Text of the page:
Secondly, these guidelines should clearly determine what are the duties that tribunal secretaries are not allowed to perform. For instance, the drafting of the award and the interpretation and application of legal research to the legal and factual issues should be strictly retained by the arbitral tribunal, without any delegation to third parties.
Eventually, if arbitrators are over-burdened by their workloads and find themselves in a position where they are unable to provide personal service to the parties without delegation of substantial duties to a secretary, then they should not accept an appointment.
All of that notwithstanding, as considered by several authorities like Partasides, this uniform approach should recognize the fact that many responsible arbitrators habitually delegate activities that go beyond the purely administrative to diligent secretaries without this constituting an improper discharge of their decision-making functions. Indeed, a refusal to consider this practice would encourage arbitrators to be less transparent about the current reality, resulting in a damage to the legitimacy of the arbitral process.
The use and the scope of the role of arbitral secretaries attract particular interest within the arbitration community and constitute the subject of various guidelines by arbitration institutions across the globe. Nevertheless, these institutions take differing approaches that reflect the discrepancy of views amongst commentators and practitioners. This situation undermines the perceived legitimacy of the arbitral process and increases the possibility and frequency of challenges of awards on the grounds of an improper delegation to third parties of arbitrators’ decision-making functions. Therefore, there is the need to develop and adopt a uniform approach which clearly sets out the different duties that arbitral secretaries may undertake without the risk of becoming “fourth arbitrators”, taking into account the existing practice and the necessary consent of the parties to the appointment of an arbitral secretary.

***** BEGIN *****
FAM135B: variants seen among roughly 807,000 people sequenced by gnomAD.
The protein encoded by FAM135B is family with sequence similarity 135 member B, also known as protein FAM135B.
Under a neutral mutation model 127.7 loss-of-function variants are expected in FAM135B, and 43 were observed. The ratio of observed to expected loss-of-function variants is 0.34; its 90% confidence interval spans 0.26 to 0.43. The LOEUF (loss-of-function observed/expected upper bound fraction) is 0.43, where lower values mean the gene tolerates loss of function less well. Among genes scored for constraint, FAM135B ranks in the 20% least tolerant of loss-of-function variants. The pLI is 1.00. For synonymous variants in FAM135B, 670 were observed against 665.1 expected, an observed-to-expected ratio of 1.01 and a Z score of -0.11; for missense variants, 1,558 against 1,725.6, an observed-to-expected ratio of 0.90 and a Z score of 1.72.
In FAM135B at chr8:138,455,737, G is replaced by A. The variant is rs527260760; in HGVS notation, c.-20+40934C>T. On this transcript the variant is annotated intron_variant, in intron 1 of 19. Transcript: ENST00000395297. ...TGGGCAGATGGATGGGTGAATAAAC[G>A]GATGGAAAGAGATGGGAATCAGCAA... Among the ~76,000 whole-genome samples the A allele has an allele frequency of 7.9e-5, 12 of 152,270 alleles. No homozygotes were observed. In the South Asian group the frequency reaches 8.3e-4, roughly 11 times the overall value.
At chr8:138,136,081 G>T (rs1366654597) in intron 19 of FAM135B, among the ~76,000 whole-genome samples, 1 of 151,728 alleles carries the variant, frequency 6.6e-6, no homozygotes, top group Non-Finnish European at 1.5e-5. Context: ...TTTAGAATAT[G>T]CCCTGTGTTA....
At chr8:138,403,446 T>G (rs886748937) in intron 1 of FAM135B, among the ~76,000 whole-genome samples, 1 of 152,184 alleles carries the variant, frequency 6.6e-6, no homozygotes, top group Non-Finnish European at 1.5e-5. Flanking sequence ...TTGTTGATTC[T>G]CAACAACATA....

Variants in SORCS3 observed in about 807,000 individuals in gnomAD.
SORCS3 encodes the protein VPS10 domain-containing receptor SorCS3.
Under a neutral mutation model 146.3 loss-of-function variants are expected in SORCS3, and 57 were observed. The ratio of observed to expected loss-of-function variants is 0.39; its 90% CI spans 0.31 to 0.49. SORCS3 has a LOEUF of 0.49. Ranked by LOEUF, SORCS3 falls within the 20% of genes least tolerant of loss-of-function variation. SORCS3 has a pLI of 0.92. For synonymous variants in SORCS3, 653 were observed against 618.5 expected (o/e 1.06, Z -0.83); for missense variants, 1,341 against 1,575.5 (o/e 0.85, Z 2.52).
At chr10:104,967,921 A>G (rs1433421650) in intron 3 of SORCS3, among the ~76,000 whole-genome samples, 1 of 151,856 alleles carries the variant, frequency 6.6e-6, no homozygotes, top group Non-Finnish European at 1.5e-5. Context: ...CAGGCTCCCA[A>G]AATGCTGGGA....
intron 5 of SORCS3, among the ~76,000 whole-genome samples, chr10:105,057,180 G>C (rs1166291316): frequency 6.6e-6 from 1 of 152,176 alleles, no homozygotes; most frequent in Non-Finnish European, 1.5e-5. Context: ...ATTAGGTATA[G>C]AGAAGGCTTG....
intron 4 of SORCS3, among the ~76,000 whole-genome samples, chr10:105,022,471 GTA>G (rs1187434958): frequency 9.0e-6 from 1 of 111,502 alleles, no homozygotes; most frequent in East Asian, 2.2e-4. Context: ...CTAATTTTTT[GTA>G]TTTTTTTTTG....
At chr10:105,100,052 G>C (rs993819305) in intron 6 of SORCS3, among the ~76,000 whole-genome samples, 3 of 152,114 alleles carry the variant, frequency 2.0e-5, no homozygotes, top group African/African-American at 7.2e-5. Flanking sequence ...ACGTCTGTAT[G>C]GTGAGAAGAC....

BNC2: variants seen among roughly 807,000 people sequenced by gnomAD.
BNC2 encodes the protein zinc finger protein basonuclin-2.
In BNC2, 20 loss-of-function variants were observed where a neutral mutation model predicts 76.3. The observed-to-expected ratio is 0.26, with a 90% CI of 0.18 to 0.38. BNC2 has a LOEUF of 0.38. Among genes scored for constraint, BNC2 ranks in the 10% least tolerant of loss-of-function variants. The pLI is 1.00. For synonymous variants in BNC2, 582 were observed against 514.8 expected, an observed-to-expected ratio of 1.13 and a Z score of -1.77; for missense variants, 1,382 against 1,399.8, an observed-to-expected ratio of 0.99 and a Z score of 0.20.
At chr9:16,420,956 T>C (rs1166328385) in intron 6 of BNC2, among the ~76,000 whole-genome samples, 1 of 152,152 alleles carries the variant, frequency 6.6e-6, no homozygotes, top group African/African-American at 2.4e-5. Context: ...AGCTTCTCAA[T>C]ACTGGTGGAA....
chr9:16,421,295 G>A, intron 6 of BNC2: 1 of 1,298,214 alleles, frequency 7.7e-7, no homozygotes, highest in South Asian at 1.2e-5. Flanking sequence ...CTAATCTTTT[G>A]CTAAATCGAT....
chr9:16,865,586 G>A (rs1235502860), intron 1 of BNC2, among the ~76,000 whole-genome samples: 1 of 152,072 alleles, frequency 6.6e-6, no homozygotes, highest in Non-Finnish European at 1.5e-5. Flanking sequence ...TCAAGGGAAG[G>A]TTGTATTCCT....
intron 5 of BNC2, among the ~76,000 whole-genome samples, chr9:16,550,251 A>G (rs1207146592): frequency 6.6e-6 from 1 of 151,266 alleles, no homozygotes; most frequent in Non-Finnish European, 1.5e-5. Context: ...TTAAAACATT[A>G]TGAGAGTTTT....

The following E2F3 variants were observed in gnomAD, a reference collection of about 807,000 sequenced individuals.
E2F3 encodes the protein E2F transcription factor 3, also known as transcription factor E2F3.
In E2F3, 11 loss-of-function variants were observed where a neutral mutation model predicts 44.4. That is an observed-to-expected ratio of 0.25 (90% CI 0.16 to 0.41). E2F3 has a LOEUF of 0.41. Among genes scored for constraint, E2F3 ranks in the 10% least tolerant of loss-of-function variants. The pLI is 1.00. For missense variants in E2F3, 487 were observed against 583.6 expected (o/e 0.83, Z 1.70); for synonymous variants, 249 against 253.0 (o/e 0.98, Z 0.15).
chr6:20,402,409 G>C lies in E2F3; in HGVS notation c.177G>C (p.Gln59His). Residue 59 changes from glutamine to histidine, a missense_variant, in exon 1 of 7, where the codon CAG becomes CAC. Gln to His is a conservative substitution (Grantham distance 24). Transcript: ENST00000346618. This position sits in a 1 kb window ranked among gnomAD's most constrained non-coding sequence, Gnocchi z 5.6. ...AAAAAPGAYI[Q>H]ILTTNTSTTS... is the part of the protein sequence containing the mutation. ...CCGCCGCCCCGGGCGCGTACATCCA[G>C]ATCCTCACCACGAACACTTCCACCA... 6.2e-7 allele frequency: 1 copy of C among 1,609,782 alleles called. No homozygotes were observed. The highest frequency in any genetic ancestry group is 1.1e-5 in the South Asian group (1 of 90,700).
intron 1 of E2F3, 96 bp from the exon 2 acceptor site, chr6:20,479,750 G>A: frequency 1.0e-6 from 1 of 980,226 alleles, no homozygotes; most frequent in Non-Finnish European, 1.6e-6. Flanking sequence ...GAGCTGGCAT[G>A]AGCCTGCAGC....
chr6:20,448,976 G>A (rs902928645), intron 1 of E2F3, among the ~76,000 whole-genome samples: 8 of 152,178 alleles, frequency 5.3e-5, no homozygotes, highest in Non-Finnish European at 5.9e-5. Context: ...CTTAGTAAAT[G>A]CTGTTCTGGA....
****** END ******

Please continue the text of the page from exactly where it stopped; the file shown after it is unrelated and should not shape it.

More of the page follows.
Di Rebecca Barresi
 N. Blackaby, C. Partasides, A. Redfern, M. Huntern, Redfern and Hunter on International Arbitration, 6th ed., Oxford University Press (2015), §4.195.
 C. Partasides, The fourth Arbitrator ? The role of Secretaries to Tribunals in International Arbitration, in Arbitration International, Vol. 18, No. 2 (2012).
 See e.g. AAA/ABA Code of Ethics; W.W. Park, Rectitude in International Arbitration in Arbitration International Special Edition on Arbitrator Challenges, Kluwer Law International, (2011), p. 479; E.A. Schwartz, The Rights and Duties of ICC Arbitrators, in ICC, The Status of the Arbitrator, 67, p. 86.
 G. B. Born, International Commercial Arbitration, 2nd ed., Kluwer Law International, (2014), p. 1999.
 C. Partasides, N. Bassiri, et al., Arbitral Secretaries, in ICCA Congress Series, Vol. 17, Kluwer Law International, (2013), p. 329.
 See ICCA, Young ICCA Guide on Arbitral Secretaries, the ICCA Report No.1, Annex B; 2012 International Arbitration Survey by White & Case and Queen Mary College.
C. Partasides, N. Bassiri, et al., Arbitral Secretaries, in ICCA Congress Series, Vol. 17, Kluwer Law International, (2013), p. 331.
 Ibid., p. 330.
ICC, Note on the Appointment, Duties and Remuneration of Administrative Secretaries (ICC Note), 2012, s2.
 HKIAC, Guidelines on the Use of a Secretary to the Arbitral Tribunal, (2014).
 International Council for Commercial Arbitration, ICCA Reports No. 1: Young ICCA Guide on Arbitral Secretaries, (2014).
 C. Partasides, N. Bassiri, et al., Arbitral Secretaries, in ICCA Congress Series, Vol. 17, Kluwer Law International, (2013), p. 332.
 The Yukos awards arose out of three parallel investment treaty arbitrations brought by former shareholders of OAO Yukos Oil Company against the Russian Federation. See Veteran Petroleum Limited (Cyprus) v the Russian Federation, PCA Case No. AA 228, Final award, July 18, 2014.
 P v Q and others  EWHC 194 (Comm).
 The writ is available at: http://old.minfin.ru/en/news/index.php?id_4=24358
 P v Q and others  EWHC 194 (Comm), §51.
 Ibid., §65.
 Ibid., §69.
 Ibid., §70.
 LCIA, Notes for Arbitrators, (2017), clause 8.
 M. Polkinghorne and C. B. Rosenberg, “The Role of the Tribunal Secretary in International Arbitration: A Call for a Uniform Standard” in Dispute Resolution International, Vol. 8, No. 2 (2014).
 The ICC Note requires the arbitral tribunal to inform the parties prior to taking any steps to appoint a tribunal secretary (s. 1).
 C. Partasides, “Secretaries to Arbitral Tribunals”, in Bernard Hanotiau and Alexis Mourre (eds), Players Interaction in International Arbitration, Dossiers of the ICC Institute of World Business Law, Volume 9, p. 87.